In Canada, child pornography legislation protects everyone under 18 years of age from exploitation.  That is right and proper, but it introduces an ambiguity into charges related to child porn, for it glosses over a meaningful distinction between an attraction to children (pre-pubescent) and an attraction to sexually-mature teenagers — there is a difference, I mean, between desires for a 7-year old and desires for a 17-year old, at least if one wants to identify the nature of the underlying pathology.  At the risk of provoking lurid imaginings, part of me wants to know which side of that hidden divide Lahey’s crime falls under.  I’m afraid I fear the worst, but would like to know if I am wrong.

Fr. Raymond de Souza, in a column in the National Post, sees some sign of hope in the way this case is being handled.  The Pope swiftly accepted Lahey’s request to step down from the episcopacy, presumably (but not certainly) because he was told why.  Lahey’s Archbishop, Anthony Mancini, has been public and unequivocal in his condemnation of Lahey’s behaviour.  The days when the authorities might yield to the temptation to cover-up such problems are, let us hope, well and truly over.  Still, this man was a bishop.  How did that happen, especially since (we now learn) accusations of a similar sort were made against him twenty years ago?  That is a serious failure of due diligence, to say the very, very least.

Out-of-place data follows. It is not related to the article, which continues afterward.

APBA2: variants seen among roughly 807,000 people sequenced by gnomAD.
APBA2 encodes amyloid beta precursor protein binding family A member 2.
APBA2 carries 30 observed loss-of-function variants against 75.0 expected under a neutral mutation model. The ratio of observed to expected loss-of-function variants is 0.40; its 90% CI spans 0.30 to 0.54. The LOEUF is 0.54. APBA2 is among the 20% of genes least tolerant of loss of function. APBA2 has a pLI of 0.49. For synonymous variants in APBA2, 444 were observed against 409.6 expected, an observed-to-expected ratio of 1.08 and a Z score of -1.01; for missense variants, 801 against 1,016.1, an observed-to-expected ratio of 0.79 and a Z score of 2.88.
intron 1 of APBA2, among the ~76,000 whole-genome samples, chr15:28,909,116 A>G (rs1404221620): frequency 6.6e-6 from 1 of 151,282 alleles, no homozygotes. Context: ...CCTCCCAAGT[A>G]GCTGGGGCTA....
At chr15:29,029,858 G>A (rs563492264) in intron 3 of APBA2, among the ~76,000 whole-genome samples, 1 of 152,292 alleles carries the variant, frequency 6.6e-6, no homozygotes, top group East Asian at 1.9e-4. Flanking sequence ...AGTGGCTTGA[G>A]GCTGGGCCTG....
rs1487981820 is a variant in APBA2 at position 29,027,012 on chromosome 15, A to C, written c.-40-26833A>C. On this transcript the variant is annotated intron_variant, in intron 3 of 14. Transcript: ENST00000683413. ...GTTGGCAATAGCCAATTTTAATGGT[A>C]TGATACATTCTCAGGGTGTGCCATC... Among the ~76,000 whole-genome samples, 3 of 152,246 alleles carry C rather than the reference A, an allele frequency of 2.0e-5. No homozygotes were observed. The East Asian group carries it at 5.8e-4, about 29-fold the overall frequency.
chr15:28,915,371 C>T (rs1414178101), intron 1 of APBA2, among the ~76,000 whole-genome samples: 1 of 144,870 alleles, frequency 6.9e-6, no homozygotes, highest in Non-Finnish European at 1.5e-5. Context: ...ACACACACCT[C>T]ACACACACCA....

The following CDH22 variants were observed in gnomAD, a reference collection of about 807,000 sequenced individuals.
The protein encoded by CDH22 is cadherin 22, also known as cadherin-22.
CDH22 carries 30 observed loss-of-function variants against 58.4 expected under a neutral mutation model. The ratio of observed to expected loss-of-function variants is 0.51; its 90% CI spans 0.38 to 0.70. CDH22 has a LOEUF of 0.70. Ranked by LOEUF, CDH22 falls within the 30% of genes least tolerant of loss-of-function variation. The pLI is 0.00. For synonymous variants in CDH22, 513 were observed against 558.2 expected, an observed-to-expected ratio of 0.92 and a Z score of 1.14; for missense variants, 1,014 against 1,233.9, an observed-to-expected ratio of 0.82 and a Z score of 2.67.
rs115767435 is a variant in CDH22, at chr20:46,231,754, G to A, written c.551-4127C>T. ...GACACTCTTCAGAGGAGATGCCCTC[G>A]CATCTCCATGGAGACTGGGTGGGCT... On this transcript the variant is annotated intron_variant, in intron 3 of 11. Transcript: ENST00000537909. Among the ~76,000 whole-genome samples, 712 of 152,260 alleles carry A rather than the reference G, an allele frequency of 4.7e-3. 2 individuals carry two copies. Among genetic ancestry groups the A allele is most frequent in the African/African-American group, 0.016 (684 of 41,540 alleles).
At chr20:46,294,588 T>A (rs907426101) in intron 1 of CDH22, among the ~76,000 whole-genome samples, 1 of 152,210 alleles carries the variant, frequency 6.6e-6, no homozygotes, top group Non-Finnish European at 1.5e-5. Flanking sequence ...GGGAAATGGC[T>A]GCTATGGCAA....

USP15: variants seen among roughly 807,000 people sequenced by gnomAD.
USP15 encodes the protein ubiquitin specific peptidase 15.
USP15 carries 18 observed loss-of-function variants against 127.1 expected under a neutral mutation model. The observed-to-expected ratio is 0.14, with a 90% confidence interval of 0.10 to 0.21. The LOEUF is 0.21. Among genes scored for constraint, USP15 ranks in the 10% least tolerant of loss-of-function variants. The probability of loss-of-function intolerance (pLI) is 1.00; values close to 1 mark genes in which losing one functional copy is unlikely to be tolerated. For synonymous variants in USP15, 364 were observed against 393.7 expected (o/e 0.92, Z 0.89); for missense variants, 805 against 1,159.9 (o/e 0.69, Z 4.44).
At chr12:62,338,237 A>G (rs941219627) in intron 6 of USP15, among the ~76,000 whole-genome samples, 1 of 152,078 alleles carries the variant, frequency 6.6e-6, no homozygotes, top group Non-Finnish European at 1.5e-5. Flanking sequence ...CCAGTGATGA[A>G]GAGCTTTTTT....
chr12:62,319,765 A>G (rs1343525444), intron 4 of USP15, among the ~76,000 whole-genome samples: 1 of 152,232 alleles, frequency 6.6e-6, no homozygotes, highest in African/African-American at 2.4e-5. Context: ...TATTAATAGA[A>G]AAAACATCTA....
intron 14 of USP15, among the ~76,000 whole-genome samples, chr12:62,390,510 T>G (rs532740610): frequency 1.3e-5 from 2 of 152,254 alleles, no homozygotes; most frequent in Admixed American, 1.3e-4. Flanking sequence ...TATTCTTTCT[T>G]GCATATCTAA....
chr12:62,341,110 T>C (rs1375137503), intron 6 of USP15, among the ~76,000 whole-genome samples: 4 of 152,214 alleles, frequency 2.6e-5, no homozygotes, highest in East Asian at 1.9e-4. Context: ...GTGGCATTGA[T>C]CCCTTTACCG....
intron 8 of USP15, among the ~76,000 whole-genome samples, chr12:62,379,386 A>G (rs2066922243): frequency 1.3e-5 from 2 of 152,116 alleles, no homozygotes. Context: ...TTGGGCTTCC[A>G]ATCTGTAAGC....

Lahey is now in the hands of the justice system, and we will let it do its work.  I hope, of course, that he will experience true contrition and repentance.  I also hope that the punishment will fit the crime.  It shouldn’t be too difficult to come up with a big old millstone and a bit of rope.

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8 Responses to “Thrown into the sea”